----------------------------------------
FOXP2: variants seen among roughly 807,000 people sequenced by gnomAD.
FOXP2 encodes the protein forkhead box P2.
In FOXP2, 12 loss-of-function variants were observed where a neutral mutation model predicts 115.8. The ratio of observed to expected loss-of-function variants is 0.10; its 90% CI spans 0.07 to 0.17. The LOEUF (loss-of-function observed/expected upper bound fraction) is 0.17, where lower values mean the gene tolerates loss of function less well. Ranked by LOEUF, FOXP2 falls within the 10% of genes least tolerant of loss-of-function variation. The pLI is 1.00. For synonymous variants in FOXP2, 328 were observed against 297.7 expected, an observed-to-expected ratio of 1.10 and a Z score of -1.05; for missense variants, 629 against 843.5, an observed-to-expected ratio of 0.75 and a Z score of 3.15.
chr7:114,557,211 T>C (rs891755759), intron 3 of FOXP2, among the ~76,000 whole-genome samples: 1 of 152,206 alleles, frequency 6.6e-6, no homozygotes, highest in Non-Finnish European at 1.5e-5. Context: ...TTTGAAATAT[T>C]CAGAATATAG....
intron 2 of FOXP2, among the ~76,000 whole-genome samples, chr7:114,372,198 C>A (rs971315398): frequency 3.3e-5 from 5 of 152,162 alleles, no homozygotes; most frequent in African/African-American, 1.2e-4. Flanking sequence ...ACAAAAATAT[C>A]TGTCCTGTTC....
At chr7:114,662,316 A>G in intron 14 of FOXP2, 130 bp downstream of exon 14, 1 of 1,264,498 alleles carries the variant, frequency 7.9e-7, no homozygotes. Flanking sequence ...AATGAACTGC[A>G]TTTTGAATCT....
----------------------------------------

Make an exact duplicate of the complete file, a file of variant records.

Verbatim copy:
FOXP2: variants seen among roughly 807,000 people sequenced by gnomAD.
FOXP2 encodes the protein forkhead box P2.
In FOXP2, 12 loss-of-function variants were observed where a neutral mutation model predicts 115.8. The ratio of observed to expected loss-of-function variants is 0.10; its 90% CI spans 0.07 to 0.17. The LOEUF (loss-of-function observed/expected upper bound fraction) is 0.17, where lower values mean the gene tolerates loss of function less well. Ranked by LOEUF, FOXP2 falls within the 10% of genes least tolerant of loss-of-function variation. The pLI is 1.00. For synonymous variants in FOXP2, 328 were observed against 297.7 expected, an observed-to-expected ratio of 1.10 and a Z score of -1.05; for missense variants, 629 against 843.5, an observed-to-expected ratio of 0.75 and a Z score of 3.15.
chr7:114,557,211 T>C (rs891755759), intron 3 of FOXP2, among the ~76,000 whole-genome samples: 1 of 152,206 alleles, frequency 6.6e-6, no homozygotes, highest in Non-Finnish European at 1.5e-5. Context: ...TTTGAAATAT[T>C]CAGAATATAG....
intron 2 of FOXP2, among the ~76,000 whole-genome samples, chr7:114,372,198 C>A (rs971315398): frequency 3.3e-5 from 5 of 152,162 alleles, no homozygotes; most frequent in African/African-American, 1.2e-4. Flanking sequence ...ACAAAAATAT[C>A]TGTCCTGTTC....
At chr7:114,662,316 A>G in intron 14 of FOXP2, 130 bp downstream of exon 14, 1 of 1,264,498 alleles carries the variant, frequency 7.9e-7, no homozygotes. Flanking sequence ...AATGAACTGC[A>G]TTTTGAATCT....